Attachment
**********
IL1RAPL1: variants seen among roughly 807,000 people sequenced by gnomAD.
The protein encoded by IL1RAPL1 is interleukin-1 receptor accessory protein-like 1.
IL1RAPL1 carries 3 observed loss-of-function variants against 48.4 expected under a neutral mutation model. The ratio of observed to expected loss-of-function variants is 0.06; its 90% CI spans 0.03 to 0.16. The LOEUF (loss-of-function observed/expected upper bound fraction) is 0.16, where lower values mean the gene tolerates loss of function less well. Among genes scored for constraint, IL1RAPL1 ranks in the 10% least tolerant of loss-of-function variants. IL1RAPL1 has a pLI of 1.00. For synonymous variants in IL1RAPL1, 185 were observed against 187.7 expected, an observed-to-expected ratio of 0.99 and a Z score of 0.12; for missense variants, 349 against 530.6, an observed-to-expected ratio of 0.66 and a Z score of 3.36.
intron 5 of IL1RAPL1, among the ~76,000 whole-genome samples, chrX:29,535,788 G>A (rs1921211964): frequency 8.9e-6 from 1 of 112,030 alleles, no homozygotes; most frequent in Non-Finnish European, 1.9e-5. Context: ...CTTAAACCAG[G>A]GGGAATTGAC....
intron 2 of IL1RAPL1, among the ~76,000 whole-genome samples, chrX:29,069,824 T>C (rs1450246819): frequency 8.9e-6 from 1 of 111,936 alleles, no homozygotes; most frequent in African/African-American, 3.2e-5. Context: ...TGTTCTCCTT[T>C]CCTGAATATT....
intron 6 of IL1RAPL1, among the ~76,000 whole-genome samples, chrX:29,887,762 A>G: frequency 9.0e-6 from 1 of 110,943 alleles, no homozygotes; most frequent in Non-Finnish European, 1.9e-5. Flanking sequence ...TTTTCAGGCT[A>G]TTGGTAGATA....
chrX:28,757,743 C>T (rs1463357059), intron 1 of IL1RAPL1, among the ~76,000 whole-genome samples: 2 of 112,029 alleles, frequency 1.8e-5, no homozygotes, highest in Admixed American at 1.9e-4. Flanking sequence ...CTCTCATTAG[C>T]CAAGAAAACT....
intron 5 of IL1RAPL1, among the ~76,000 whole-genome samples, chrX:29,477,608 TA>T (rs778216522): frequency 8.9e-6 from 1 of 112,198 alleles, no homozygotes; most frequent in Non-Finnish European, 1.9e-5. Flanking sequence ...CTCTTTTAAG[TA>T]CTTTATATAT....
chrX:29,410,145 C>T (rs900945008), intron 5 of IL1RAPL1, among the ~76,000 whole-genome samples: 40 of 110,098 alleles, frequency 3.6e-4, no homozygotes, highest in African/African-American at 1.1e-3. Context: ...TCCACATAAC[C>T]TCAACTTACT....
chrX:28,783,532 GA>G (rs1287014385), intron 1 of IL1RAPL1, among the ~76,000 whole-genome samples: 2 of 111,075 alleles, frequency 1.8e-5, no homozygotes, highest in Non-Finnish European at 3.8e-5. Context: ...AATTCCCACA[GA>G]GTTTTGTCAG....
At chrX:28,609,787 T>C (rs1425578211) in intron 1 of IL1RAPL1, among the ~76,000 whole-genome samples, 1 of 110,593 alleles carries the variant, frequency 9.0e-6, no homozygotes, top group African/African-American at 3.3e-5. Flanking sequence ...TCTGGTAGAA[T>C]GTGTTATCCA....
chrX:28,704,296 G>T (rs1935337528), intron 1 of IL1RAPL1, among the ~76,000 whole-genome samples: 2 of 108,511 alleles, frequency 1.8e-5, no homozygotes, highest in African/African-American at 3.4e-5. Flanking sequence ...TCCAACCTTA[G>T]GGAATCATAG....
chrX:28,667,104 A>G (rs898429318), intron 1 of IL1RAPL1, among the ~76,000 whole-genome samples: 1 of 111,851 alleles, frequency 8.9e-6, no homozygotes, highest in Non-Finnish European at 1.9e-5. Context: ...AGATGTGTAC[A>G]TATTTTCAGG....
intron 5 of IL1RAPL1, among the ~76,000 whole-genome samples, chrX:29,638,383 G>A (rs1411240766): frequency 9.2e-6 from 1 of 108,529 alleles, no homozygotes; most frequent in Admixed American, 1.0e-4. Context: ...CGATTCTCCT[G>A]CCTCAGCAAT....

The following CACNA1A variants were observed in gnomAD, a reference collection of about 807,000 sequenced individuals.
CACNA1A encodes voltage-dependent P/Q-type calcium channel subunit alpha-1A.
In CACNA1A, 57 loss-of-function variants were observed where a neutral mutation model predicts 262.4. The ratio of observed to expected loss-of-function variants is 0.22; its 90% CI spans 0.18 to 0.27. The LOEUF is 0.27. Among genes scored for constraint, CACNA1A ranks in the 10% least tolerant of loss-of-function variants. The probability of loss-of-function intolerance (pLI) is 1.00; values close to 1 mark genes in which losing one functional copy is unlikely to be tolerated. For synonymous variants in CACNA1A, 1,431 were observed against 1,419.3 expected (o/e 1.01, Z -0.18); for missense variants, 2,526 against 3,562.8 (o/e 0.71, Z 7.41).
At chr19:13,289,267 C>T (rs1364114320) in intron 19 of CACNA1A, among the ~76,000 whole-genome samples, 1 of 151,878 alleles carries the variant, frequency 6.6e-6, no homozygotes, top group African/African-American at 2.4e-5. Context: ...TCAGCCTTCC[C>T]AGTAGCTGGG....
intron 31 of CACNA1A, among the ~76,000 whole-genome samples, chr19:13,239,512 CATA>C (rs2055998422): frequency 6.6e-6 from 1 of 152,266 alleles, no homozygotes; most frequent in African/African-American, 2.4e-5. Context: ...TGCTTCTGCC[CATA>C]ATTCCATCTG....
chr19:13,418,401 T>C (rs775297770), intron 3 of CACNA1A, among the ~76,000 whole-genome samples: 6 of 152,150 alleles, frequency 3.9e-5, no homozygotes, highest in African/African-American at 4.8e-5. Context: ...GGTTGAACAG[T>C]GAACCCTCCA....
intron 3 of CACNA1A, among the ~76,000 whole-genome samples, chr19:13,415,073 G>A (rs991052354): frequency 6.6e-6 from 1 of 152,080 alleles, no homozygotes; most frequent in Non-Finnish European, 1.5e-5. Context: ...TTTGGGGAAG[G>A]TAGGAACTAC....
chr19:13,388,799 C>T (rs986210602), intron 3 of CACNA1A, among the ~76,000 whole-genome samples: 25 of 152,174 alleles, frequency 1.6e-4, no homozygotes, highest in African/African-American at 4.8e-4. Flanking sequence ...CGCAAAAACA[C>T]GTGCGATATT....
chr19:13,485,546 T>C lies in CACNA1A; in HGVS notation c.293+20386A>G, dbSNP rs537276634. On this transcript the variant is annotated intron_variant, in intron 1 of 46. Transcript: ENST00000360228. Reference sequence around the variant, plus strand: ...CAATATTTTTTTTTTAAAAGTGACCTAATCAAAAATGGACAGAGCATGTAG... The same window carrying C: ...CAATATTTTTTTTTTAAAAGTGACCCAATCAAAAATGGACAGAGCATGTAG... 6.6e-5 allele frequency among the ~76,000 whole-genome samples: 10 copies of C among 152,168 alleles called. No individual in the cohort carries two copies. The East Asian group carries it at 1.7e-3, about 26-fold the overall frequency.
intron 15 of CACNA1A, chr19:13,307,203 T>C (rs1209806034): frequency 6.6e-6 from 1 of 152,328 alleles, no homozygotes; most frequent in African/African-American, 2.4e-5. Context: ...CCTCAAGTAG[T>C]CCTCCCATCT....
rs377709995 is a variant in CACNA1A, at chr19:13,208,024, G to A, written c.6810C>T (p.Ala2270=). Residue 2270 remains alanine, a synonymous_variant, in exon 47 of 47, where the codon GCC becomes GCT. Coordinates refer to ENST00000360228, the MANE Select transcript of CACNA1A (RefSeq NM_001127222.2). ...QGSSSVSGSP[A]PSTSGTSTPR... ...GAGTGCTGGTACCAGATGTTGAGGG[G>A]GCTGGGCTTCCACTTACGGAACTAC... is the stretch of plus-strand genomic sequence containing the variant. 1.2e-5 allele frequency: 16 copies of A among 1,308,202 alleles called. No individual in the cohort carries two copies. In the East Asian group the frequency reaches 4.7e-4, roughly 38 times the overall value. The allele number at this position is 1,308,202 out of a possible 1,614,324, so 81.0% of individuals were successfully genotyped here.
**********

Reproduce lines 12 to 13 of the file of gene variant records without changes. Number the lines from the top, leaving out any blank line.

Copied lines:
chrX:28,704,296 G>T (rs1935337528), intron 1 of IL1RAPL1, among the ~76,000 whole-genome samples: 2 of 108,511 alleles, frequency 1.8e-5, no homozygotes, highest in African/African-American at 3.4e-5. Flanking sequence ...TCCAACCTTA[G>T]GGAATCATAG....
chrX:28,667,104 A>G (rs898429318), intron 1 of IL1RAPL1, among the ~76,000 whole-genome samples: 1 of 111,851 alleles, frequency 8.9e-6, no homozygotes, highest in Non-Finnish European at 1.9e-5. Context: ...AGATGTGTAC[A>G]TATTTTCAGG....